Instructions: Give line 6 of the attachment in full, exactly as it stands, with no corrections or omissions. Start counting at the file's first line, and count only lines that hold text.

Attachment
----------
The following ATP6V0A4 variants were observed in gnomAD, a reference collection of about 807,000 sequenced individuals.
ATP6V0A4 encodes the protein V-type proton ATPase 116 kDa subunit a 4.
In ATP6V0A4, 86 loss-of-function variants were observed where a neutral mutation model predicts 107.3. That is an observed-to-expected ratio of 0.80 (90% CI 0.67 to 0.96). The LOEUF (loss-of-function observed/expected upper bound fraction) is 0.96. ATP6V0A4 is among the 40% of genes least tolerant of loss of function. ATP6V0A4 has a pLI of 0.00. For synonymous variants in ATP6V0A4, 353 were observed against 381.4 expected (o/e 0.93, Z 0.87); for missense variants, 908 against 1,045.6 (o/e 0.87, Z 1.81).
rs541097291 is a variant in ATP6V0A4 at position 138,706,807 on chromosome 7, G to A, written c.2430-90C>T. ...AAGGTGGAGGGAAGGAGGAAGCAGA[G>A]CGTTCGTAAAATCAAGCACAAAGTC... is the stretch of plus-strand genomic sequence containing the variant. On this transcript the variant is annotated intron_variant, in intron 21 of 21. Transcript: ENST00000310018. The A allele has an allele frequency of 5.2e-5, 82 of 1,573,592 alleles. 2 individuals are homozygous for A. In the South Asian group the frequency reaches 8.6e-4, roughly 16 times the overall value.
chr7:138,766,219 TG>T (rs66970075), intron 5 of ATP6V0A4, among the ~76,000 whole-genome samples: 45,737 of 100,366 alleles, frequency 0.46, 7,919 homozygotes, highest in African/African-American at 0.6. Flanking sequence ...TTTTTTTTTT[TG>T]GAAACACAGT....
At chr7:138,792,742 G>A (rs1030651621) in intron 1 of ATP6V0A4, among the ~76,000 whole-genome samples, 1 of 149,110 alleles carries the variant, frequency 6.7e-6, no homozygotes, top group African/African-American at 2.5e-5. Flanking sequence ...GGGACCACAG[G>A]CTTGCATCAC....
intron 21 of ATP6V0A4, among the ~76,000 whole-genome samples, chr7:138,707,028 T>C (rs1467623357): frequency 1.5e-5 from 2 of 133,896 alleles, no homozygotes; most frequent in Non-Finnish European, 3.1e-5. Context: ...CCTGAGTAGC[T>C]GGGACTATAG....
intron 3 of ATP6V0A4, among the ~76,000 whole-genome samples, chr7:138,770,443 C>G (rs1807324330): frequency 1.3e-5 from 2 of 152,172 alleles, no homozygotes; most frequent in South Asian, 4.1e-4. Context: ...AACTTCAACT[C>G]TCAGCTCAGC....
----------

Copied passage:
At chr7:138,792,742 G>A (rs1030651621) in intron 1 of ATP6V0A4, among the ~76,000 whole-genome samples, 1 of 149,110 alleles carries the variant, frequency 6.7e-6, no homozygotes, top group African/African-American at 2.5e-5. Flanking sequence ...GGGACCACAG[G>A]CTTGCATCAC....